re essential in the fight against a viral infection.
Significantly, alveolar macrophages have previously been shown to produce large amounts of interferons upon infection with respiratory viruses, such as influenza.
The SARS-CoV-2 virus is a respiratory virus that typically infects the outermost cell layer of the lungs, the epithelial layer. New research has shown that interferon production in the infected epithelial cells can be inhibited by the SARS-CoV-2 virus.
Hence this results in low interferon production and therefore also a limited activation of the immune system to fight against the virus.
Despite the epithelial layer is the target of the virus, it must be assumed that the first cell type the virus encounters is the alveolar macrophages, and therefore these cells are important for how quickly an immune response to a SARS-CoV-2 infection can be initiated.
Hence the study team from Aarhus University and Aarhus University Hospital in Denmark set out to investigate how these important cells react to the SARS-CoV-2 virus. To answer this, they isolated the alveolar macrophages from lung lavage and examined the activation of the immune system in these cells when they encounter the SARS-CoV-2 virus.
Significantly it was found that the SARS-CoV-2 virus can hide its genome from being recognized.
The study results of their research show that alveolar macrophages effectively produce interferons when infected with known viruses, such as influenza.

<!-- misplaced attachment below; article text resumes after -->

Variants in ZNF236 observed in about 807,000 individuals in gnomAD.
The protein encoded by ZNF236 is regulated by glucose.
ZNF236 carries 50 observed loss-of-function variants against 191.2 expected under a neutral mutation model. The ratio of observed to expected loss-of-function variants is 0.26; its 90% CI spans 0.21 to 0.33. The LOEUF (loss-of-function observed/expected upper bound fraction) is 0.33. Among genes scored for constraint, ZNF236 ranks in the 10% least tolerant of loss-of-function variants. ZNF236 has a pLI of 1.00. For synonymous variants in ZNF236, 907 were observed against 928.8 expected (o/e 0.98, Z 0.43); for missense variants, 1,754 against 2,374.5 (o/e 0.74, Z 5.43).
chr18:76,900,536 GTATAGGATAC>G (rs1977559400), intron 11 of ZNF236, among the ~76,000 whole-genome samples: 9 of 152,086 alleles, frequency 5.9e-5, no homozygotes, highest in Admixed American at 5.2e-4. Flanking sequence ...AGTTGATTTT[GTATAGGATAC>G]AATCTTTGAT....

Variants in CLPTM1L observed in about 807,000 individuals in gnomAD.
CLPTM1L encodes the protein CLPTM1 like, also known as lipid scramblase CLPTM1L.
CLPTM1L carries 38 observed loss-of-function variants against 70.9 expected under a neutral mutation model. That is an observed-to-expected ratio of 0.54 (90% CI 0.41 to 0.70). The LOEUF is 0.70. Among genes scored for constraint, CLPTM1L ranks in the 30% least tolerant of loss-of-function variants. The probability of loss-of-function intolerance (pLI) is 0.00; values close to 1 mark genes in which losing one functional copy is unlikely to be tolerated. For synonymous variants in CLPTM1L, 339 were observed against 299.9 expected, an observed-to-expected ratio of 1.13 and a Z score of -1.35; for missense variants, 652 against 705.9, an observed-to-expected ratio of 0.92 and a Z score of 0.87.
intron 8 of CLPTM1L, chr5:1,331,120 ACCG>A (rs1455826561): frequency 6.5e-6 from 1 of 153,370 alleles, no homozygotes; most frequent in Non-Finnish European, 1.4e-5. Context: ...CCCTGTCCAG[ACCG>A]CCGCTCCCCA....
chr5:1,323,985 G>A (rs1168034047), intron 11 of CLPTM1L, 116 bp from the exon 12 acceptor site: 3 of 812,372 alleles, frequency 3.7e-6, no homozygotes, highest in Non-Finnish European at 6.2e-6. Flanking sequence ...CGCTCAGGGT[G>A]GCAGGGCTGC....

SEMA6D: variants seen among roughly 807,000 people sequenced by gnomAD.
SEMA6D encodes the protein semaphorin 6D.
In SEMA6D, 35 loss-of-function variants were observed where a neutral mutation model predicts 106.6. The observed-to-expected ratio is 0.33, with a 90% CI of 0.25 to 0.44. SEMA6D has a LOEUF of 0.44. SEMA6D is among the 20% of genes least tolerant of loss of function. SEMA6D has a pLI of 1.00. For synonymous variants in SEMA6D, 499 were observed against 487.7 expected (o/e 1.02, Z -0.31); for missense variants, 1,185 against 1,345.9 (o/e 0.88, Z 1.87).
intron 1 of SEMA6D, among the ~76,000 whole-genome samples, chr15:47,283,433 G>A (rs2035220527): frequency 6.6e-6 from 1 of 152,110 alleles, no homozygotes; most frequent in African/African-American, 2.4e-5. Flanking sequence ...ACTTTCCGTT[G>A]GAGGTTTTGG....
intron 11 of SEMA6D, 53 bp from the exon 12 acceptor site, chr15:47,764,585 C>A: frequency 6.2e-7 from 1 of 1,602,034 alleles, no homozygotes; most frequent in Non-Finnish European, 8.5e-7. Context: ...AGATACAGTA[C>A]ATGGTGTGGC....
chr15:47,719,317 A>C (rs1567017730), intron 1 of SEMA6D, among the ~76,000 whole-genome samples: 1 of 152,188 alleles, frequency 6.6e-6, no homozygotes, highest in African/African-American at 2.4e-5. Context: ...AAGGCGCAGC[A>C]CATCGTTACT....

The team thereby confirmed that these alveolar macrophages have the potential to produce large amounts of interferons during a viral infection.
However contrary to their expectations, the researchers saw no interferon production in the cells when the alveolar macrophages were exposed to the SARS-CoV-2 virus.
The study results therefore suggest that the SARS-CoV-2 virus may hide its genomic material from being recognized in the alveolar macrophages, thereby not inducing the production of interferons.
Hence this is why there will be no activation of the immune system in the early stages of a SARS-CoV-2 infection, allowing the virus to spread further in the community before symptoms occur. However, more research is needed to understand how SARS-CoV-2 can avoid being recognized by the immune system.
This also explains as to why many people are basically asymptomatic.
There were also other studies that showed how the virus could prime itself to remain in the human body for longer periods of time without causing or alerting the human immune system. https://www.thailandmedical.news/news/coronavirus-warning-study-reveals-that-after-infection-phase,-the-sars-cov-2-manipulates-human-host-immune-system-to-facilitate-its-long-term-stay